I remember a phone call with my friend, shortly after I came home. After a couple months of speaking only Romanian, she almost didn’t recognize my voice with the slight accent.

This seems wholeheartedly bizarre to me now, because I have always been right at home in Toronto. Having completed all but one year of my schooling here, I speak perfect, unaccented English. I am white. I grew up in North York. I learned French, watched Degrassi, and listened to Drake. The fact that I was born elsewhere, can speak a different language, and could have had an entirely different life easily goes undetected.

“When you come back to Romania, it’s joyous for us to see one another,” Monica says. “I think you have changed a lot since you started living in Canada, but that’s the way it is.”

She expresses a sentiment echoed by everyone I spoke to: “All of us have changed.”

My parents and I have been back to Romania together on three occasions since we moved. Each time, we visit as many people as we can, all of whom warmly welcome us into their homes. With each trip, I began to put the pieces together, and only recently have I begun to conceptualize how much meaning these reconnections hold.

“There is a lot to say,” explains Ionut, recalling our visits. Even when my parents and I lived in Romania, distance was a factor; we lived near the sea, while Ionut and his family lived up north. He says, “Sometimes it can compare to those times when you were in Romania, but in a different city, in Constanța… It was the same in some sense.”

Over the years, I’ve taken hundreds of pictures, seen the mountains and the sea, and spent time with people whose faces had regrettably faded from my memory. All of them remembered me, and each time were shocked at how much I had grown. Time had created chasms between the pieces of my family here and there, and what little we had to spend together seemed perilously short.

“I feel that there’s never enough time to sit and talk,” Dana says. “The distance… It ruptures communication. I admit I know almost nothing about your life there, and in the few moments in which we can see each other, we don’t have enough time to say everything. The distance is great and it’s limiting.”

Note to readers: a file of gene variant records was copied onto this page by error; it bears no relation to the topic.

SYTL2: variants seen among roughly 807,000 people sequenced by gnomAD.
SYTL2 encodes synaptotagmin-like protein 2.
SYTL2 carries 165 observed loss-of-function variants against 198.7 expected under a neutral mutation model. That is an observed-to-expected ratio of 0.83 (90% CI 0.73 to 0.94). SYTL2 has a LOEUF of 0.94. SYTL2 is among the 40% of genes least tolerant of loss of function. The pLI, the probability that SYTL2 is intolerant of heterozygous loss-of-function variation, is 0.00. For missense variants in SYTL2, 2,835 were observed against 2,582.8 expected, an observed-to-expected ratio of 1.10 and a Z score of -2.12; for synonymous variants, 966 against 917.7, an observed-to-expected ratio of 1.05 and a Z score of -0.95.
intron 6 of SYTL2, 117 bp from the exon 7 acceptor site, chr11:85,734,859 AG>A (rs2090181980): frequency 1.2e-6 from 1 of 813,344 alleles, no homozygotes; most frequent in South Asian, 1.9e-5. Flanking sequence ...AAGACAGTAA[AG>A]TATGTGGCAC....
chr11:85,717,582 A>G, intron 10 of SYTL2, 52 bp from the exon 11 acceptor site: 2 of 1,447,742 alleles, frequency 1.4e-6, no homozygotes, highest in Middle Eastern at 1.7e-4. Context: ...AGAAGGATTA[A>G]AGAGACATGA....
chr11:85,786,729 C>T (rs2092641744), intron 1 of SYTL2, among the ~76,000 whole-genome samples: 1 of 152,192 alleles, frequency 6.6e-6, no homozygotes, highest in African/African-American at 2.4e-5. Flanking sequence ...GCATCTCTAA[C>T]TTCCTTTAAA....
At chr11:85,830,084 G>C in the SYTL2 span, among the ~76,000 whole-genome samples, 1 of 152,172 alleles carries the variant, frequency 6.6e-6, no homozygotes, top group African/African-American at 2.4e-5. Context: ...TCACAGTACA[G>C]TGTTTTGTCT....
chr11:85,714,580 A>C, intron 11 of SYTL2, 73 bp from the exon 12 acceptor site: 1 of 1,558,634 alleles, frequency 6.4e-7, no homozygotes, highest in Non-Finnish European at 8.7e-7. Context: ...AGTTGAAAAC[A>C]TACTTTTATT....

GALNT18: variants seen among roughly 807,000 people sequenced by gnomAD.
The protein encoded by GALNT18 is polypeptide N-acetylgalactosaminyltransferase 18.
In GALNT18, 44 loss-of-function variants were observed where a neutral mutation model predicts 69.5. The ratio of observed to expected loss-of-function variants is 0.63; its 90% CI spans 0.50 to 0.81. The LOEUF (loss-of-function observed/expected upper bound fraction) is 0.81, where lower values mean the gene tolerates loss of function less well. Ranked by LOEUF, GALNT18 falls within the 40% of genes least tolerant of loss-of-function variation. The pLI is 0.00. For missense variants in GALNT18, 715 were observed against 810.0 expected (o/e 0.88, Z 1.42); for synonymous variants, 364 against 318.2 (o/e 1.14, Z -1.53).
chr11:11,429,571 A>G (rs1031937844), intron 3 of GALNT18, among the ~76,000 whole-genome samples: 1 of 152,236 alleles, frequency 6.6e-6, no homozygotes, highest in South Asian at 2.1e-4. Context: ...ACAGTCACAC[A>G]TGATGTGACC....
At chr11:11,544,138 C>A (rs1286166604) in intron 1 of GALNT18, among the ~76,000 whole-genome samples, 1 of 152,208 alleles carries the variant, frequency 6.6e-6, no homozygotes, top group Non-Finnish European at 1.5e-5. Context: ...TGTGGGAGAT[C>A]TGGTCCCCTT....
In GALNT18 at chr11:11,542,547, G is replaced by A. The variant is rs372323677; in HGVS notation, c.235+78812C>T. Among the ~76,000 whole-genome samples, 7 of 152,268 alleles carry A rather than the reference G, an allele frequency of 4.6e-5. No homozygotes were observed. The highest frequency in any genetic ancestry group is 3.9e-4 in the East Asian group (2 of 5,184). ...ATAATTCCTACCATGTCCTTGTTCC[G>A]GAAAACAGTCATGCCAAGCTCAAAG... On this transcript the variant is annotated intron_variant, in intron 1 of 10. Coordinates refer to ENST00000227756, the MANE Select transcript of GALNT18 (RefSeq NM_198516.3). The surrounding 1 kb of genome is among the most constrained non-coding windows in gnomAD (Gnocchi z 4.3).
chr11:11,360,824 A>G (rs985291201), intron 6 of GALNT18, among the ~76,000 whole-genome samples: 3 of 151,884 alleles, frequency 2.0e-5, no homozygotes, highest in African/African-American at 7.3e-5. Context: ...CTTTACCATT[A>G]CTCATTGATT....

This idea of distance complements the ways in which we are all becoming more globally connected. Cultural exchange between Eastern Europe and other areas of the world is extremely prevalent, and North America is no exception.

Despite differences in language, religion, architecture, and traditions, unifying forces remain. In Bucharest, I can shop at American retailers and watch Hollywood movies with subtitles in theatres. In Toronto, I can attend Romanian churches and find my favourite Romanian desserts in European delis, though they don’t taste quite as good as what you might find in the ‘cofetarii’ shops in Romania.

“Today, Romania, the EU, Asia, Australia… are all one water and earth,” Viorica says. “That’s what globalization means, and I speak from my own experience. We have been to many places all around the world, we’ve been to every continent, we learned that we didn’t have anything or anyone to fear.”

Simultaneously, my relatives also identify with the importance of returning home. No matter how far you wander, something about where you came from pulls you back into its grasp. That kind of thing is hard to shake, and in spite of my predominantly Canadian memory, I continue to identify with that feeling whenever I go back.

“I don’t ever feel as good except when I’m at home,” Ionut says. “In the country I was born in.”


I often wonder what would have happened had I not grown up in Toronto. I keep in touch with the few relatives I know that are my age, and we seem similar in a number of ways. Ionut’s son, my cousin Octav, is in Bucharest studying to be a doctor. The last time I saw him, drinking espressos on a cobblestone street, we talked about school, his cat, and Starbucks coffee.

On my last visit, I walked up and down the halls of the University of Bucharest’s Faculty of Law, where I could easily have ended up, had things gone differently. I also consider whether I would have eventually left the country on my own. This wouldn’t be an uncommon thing, for despite the headway Romania has made over the past 25 years — financially, politically, and socially — many Romanian youth are doing just that.

“Especially now in Romania there are opportunities for smart and hard-working youth,” my parents explain. “They can apply to study or work in Europe and North America, and have a bright future anywhere they want.”

Most of my relatives say that living in Toronto has probably changed me, and that I have grown up differently than I would have ‘back home.’ At the same time, they all attest to the unwavering nature of my character. According to them, personality traverses geographical context.

“I think that everyone has a fate, and yours is destined to be to grow up in a world that needs you,” Viorica says. “You have a good path ahead of you that you build by thinking in the present and dreaming of the future, without forgetting the past.”

Viorica concludes her writing to me with a stanza from a work by the popular Romanian poet Mihai Eminescu. As translated by Corneliu M. Popescu, it reads:

Cu maine zilele-ti adaugi,

Cu ieri viata ta o scazi,

Si ai cu toate astea-n fata,

De-a pururi ziua cea de azi.

With life’s tomorrow time you grasp,

Its yesterdays you fling away

And still, in spite of all remains

Its long eternity, today.

I wanted to confront gaps in my memory, and the more common threads I pull together about my family, my heritage, and the way I live my life now, the clearer it starts to become. Forgetting is the last thing I’d want to do.